Athol housing project receives $600K as part of state program

The Ellen Bigelow School is currently undergoing renovations to become new rental housing, as is the former Riverbend School.

The Ellen Bigelow School is currently undergoing renovations to become new rental housing, as is the former Riverbend School. FILE PHOTO

By Greg Vine

For the Athol Daily News

Published: 02-04-2024 5:00 PM

ATHOL – NewVue Communities, the Fitchburg-based non-profit leading the redevelopment of the former Bigelow and Riverbend schools, has been awarded a $600,000 predevelopment loan by the Community Economic Development Assistance Corporation (CEDAC).

The loan is part of an $18.6 million package of financing to help propel six projects statewide that are aimed at creating new rental housing units. According to CEDAC, 352 of the new units will be designated for low-income households, with 164 set aside for extremely low-income individuals or households. Awarding of the loans was overseen by the state Executive Office of Housing and Liveable Communities.

In announcing the awards, CEDAC Executive Director Roger Herzog said, “We remain committed to helping to create new, quality affordable housing at a time of dire need and look forward to continuing to work with Governor Healey and her administration as she makes this issue a top priority in her agenda.

At Residences at the Park—as the Bigelow/Riverbend project is now known—NewVue will renovate the two abandoned historic elementary school buildings and connect them with an addition that will create a total of 53 units of mixed-income and intergenerational housing. Thirty-three units will be reserved as family units, and 20 one-bedroom units will be for residents age 62 and older. The development will help Athol meet the state requirement that 10 percent of its housing stock consist of affordable housing. At present, only about 5 percent of all housing in Athol is classified as affordable housing.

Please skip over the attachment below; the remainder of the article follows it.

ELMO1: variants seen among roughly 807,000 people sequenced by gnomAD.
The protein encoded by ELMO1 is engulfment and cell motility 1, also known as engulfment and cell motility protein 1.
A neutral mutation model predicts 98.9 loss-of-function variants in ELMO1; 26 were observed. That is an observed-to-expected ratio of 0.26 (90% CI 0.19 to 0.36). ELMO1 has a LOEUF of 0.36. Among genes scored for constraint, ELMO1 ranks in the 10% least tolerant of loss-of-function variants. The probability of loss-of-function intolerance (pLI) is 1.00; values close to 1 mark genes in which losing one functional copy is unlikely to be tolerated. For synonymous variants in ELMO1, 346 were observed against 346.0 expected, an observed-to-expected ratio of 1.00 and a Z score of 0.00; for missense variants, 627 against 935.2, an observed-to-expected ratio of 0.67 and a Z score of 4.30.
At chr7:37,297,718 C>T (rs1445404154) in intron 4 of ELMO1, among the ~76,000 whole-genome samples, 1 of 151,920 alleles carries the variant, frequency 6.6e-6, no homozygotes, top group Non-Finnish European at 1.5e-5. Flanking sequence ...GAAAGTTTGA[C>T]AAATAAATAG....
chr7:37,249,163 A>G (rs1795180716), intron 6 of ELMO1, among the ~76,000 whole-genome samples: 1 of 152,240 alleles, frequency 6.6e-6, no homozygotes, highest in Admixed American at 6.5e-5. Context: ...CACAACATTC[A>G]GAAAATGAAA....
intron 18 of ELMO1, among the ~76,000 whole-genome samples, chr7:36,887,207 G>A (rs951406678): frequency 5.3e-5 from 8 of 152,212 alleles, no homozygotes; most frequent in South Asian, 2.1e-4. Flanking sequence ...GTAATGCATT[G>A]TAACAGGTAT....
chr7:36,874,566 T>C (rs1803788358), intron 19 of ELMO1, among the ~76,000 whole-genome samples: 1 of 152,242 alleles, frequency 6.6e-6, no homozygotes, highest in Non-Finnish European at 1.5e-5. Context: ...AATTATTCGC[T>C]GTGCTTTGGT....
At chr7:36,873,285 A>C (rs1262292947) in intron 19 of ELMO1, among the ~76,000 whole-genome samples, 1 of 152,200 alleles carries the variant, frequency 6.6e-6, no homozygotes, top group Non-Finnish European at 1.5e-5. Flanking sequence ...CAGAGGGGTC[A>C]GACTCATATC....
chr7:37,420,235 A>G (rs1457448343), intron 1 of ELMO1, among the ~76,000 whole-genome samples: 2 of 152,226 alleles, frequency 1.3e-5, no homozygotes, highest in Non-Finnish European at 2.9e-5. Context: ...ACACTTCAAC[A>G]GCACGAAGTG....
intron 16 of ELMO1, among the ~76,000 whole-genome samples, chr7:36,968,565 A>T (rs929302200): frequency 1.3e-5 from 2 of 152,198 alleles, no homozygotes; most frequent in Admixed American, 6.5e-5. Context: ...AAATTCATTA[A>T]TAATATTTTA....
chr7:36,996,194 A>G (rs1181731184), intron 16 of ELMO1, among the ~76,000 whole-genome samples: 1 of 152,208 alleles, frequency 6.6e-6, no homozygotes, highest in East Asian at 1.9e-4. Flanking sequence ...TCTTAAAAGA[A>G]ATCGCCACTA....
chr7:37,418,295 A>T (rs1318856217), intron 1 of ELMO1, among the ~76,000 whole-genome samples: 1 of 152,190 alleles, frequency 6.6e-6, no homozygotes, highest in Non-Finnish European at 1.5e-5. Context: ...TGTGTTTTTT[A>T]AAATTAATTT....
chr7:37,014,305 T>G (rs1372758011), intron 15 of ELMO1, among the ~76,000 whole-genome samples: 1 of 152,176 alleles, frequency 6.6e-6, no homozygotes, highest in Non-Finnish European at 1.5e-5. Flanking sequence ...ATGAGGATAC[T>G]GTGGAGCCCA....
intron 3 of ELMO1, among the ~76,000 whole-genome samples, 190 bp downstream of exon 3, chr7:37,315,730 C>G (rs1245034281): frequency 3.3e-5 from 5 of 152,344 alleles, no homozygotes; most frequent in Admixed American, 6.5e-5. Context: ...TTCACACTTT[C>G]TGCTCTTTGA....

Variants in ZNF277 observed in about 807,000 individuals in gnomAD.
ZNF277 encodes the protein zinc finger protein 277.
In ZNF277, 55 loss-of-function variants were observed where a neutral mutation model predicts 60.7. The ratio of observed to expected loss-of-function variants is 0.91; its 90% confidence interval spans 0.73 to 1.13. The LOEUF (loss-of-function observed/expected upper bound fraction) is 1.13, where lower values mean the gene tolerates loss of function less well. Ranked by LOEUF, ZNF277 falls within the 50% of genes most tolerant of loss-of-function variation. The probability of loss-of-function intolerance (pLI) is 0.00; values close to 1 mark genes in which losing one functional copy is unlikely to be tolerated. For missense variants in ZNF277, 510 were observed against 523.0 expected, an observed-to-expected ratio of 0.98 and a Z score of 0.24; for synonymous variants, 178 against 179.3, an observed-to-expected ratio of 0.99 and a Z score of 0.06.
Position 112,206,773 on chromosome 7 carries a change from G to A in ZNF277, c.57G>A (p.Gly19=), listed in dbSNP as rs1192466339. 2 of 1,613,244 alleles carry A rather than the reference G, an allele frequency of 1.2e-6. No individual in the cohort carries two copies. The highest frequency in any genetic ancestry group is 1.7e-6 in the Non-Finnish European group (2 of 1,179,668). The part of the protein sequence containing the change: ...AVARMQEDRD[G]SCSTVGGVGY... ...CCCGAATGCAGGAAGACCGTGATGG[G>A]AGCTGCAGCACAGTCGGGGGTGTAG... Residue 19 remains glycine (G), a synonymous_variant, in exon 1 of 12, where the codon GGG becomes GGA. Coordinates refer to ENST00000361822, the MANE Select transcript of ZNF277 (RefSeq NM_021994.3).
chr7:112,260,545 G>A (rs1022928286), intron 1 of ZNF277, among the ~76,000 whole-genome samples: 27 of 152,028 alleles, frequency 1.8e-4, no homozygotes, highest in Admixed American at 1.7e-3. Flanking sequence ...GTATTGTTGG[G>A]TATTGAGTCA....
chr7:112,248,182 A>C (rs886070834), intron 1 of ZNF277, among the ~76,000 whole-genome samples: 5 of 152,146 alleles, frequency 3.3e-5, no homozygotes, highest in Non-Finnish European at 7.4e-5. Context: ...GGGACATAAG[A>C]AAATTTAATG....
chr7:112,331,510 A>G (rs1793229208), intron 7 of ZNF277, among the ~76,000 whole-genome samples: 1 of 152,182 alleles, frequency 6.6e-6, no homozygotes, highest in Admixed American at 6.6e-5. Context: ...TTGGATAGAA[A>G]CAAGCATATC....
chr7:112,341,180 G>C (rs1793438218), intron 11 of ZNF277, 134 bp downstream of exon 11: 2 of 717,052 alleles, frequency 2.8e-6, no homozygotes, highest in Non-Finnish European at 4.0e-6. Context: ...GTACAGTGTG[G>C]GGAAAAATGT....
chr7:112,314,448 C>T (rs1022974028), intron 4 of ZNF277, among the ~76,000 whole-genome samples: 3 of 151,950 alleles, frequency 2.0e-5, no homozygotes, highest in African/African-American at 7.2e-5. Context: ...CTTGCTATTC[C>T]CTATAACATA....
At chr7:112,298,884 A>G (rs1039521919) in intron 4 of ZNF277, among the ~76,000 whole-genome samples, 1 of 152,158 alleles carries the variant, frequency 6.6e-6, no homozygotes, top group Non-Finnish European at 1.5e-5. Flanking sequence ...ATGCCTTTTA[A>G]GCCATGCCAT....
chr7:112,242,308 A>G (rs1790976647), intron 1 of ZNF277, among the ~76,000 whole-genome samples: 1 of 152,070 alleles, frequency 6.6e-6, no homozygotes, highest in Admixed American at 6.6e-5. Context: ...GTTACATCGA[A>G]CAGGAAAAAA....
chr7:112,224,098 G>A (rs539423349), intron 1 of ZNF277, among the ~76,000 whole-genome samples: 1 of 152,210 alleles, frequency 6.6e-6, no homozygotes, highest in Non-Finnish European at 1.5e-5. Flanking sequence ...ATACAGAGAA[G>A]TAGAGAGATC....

According to NewVue Executive Director Marc Dohan, the loan will be used to cover the cost of “the architects, the engineering, environmental work, everything we’ve done so far to get the project funded.”

The loan, said Dohan, fits into “a big, giant jigsaw puzzle of all the different funding sources. Congressman McGovern helped to get us $1 million in funding for this project. We also got some funding from other state sources. So, this is all part of the jigsaw puzzle that goes to put together the project.

“The reason CEDAC is so important,” he continued, “and why we really appreciate them is almost all the other funding sources say, ‘Here’s the funding, we’ve committed the funding, but you can’t spend any of it until we know you have enough to do the whole project.’ They don’t want to give us a million dollars to do something and not have us do it. Why CEDAC is so important for us in the predevelopment funding is they give us a loan that allows us to pay the architect and do all the other things so that we can then line up the total cost of the funding for the project.”

Much of the estimated $30 million price tag for the project will be paid for in the form of Low-Income Housing Tax Credits provided by the state. Last fall, as part of a $1 billion tax relief package signed by the governor, the Healey Administration raised the Low-Income Housing Tax Credit to $60 million annually – a $20 million increase over the previous year. In late January, Gov. Maura Healey committed those resources to support the production and preservation of more than 1,900 housing units in 19 communities across the state, including Residences at the Park.

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“These housing projects are a great example of why we expanded the Low-Income Housing Tax Credit in our tax cuts bill,” said Healey in a statement. “We look forward to continuing to work to pass the Affordable Homes Act this year to create much-needed housing across all income levels in the state.”

Next steps, Dohan said, include finalizing the architectural drawings, soliciting bids from contractors, and “hope that interest rates don’t move too much – or if they do move, that they move down – so that we can actually pull the whole thing together.”

Greg Vine can be reached at